7 years ago

Emerging markets face uneven outlook

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The International Monetary Fund (IMF) warning a low-growth future for the global economy said on October 04, 2016 that protectionist political trends risked "turning back the clock" on free trade. In its new World Economic Outlook (WEO) report, the global crisis lender IMF also sounded an alarm over what it called a "dangerous" credit binge in China. The IMF said populist politics imperilled trade liberalization and economic growth with Britain voting in 2016 to secede from the European Union (EU) and the United States (US) presidential candidates disfavouring open borders. 
The IMF while upgrading its outlook for Japan and the Euro-zone, notably cut those for US, the world's largest economy saying that prospects for richer countries had darkened this year, in part due to the protectionist talks. It also downgraded forecasts both for growth in global trade volume and for advanced economies' output. The IMF chief economist Maurice Obstfeld said that it is vitally important to defend the prospects for increasing trade integration. Turning back the clock on trade can only deepen and prolong the world economy's current doldrums. Global Gross Domestic Product (GDP) is expected to grow in 2016 by 3.1 per cent before rising to 3.4 percent in the following year, estimates that are unchanged from July 2016. 
Obstfeld said in his remarks on the new forecasts that as a whole the world economy has moved sideways. He said that around the world "sub-par growth" was stirring negative economic and political forces. The IMF raised its outlook slightly for emerging and developing economies to 4.2 per cent but downgraded it for advanced economies in 2016 by 0.2 percentage points to 1.6 per cent. Next year's (2017) forecasts were unchanged. The IMF said global growth still faces notable uncertainties, such as further economic shocks in China, a continued fall in commodity prices and the sudden imposition of new trade barriers. The report said geopolitical tensions could flare up adding to the humanitarian crises already afoot in the Middle East and Africa.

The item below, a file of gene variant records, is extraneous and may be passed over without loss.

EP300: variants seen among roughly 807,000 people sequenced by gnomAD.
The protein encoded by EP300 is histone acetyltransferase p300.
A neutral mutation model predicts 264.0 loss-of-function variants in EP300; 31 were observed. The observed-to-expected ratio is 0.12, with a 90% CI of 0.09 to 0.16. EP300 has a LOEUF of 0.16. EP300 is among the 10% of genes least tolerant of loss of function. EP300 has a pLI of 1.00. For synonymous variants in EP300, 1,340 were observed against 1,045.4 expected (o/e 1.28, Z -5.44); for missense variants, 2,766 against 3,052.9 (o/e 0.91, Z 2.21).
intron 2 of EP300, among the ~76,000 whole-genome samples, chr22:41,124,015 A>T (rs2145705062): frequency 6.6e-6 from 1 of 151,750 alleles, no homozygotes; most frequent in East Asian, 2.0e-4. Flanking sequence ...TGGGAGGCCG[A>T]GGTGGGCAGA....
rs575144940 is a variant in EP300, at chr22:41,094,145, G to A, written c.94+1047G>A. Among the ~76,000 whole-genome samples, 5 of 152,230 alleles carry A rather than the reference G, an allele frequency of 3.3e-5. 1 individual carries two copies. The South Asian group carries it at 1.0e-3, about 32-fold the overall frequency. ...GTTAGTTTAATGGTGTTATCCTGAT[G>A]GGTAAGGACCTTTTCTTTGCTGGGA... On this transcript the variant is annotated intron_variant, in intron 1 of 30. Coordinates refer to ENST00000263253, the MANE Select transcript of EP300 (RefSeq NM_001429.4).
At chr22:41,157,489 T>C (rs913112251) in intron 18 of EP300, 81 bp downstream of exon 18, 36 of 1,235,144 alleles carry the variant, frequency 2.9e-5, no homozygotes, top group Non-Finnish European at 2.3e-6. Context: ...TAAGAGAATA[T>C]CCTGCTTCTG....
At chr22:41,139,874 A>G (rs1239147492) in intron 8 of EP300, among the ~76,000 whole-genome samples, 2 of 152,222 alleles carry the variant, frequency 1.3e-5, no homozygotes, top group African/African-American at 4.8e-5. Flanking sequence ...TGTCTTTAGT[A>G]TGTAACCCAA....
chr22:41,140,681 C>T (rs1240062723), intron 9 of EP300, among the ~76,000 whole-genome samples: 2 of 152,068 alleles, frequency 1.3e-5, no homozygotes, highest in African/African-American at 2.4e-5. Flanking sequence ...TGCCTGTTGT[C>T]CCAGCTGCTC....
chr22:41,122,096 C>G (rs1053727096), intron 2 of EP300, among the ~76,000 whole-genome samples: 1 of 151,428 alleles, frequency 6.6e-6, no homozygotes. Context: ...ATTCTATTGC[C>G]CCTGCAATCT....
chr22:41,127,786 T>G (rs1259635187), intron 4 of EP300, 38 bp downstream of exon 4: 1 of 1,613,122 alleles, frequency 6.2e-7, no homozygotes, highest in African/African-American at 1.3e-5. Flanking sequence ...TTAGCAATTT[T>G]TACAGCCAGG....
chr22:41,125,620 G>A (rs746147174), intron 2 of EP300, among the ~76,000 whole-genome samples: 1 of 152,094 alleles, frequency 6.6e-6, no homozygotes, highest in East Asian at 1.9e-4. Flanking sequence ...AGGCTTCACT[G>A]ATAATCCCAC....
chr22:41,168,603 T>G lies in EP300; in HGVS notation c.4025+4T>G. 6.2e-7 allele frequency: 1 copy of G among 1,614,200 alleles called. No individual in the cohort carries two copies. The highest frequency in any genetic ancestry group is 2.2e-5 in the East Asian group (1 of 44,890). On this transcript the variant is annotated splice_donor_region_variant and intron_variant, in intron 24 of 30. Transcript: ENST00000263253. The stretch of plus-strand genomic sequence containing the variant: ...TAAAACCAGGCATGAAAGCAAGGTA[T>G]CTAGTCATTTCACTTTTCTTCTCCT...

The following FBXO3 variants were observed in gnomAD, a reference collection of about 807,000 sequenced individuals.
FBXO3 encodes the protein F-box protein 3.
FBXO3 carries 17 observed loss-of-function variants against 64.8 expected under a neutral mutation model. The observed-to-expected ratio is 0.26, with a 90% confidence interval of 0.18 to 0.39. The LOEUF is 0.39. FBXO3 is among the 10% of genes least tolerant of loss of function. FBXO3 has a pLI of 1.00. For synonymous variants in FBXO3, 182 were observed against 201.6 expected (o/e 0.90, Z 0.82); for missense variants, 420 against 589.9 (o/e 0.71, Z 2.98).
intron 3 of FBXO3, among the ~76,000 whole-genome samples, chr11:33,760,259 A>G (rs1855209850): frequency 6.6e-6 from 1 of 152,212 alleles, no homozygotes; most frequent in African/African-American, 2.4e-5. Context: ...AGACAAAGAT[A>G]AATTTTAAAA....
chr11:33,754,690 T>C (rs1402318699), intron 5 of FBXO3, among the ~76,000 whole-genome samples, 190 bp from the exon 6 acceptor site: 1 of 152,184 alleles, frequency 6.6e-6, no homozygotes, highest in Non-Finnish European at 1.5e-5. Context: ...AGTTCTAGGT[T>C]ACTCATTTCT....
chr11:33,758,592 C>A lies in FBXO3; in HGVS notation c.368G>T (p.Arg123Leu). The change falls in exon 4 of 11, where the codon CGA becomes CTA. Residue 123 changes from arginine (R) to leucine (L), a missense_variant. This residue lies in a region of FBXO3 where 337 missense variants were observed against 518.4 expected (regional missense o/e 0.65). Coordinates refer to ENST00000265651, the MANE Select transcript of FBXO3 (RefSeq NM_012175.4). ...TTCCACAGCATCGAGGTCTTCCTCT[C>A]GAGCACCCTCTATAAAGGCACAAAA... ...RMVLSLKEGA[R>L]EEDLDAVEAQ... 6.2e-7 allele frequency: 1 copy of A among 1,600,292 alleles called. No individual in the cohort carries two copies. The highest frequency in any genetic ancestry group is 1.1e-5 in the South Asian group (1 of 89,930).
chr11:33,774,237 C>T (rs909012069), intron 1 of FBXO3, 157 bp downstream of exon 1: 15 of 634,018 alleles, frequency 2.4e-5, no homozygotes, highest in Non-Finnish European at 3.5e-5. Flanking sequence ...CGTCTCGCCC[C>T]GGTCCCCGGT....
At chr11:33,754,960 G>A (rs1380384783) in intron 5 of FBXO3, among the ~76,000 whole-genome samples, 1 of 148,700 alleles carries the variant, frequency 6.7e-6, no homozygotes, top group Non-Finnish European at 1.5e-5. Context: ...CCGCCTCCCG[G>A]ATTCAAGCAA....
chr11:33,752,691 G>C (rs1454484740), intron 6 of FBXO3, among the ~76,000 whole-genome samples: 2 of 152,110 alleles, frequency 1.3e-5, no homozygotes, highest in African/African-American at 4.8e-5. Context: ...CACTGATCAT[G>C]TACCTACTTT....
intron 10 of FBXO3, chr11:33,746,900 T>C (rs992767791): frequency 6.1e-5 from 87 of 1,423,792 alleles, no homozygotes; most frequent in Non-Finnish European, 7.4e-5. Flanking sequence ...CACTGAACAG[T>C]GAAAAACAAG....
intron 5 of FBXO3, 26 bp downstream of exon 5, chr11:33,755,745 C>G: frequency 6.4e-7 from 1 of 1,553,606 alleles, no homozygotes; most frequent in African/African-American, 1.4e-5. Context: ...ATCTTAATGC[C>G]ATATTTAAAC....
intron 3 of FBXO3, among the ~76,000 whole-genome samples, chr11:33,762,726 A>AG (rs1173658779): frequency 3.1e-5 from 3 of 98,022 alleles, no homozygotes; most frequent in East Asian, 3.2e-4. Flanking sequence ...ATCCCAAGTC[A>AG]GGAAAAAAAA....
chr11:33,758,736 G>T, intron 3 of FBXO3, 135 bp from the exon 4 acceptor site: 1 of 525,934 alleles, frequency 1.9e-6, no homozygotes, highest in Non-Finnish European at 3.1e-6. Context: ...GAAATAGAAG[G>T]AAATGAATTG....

The US suffered the report's sharpest downward revision of 0.6 percentage points following a lacklustre second quarter, with growth now foreseen at 1.6 per cent in 2016 - slower than the Euro-zone - and 1.8 per cent in 2017. However, Japan was surprisingly a bright spot with forecasts revised upward. The Japanese economy is now due to grow by 0.5 and 0.6 per cent in 2016 and next. Likewise, with output expected to increase by 1.7 per cent this year and 1.5 per cent in 2017, the Euro-zone got a slight boost. According to the research firm Capital Economics, which said that IMF forecasts would probably be lowered even further over the coming year, the tone of the report was "decidedly gloomy". For a start, the IMF seems to be too upbeat on the prospects for the Euro-zone.
Obstfeld, in his remarks, warned of the "gathering political fallout" of a low-growth era in wealthy countries where income distribution has skewed "sharply towards the highest earners". He said the result in some richer countries has been a political movement that blames globalization for all woes and seeks somehow to wall off the economy from global trends rather than engage cooperatively with foreign nations. While prospects for China were unchanged, with this world's second largest economy expected to grow a robust 6.6 per cent in 2016 and 6.2 per cent the following year, contractions in Russia and Brazil are also due to end. But the IMF report cited an alarming growth in private sector credit in China, propping up state enterprises to postpone the recording of losses - risking an "eventual disruptive adjustment". 
Meanwhile, Obstfeld pushed back against assertions that the IMF had been excessively alarmist in warning about the fallout of Britain's vote to leave the EU. The IMF said earlier in 2016 that the Brexit vote could cause a recession in the UK. But forecasts of October 04, 2016 say that instead revised British growth upwards by 0.1 percentage point for 2016, to 1.8 per cent. But it further downgraded the 2017 outlook to 1.1 per cent. British markets had reacted more favourably than anticipated but that current circumstances were within the range of possibilities the IMF had initially published, Obstfeld said. He said "We did focus on possible risks and those possible risks were there".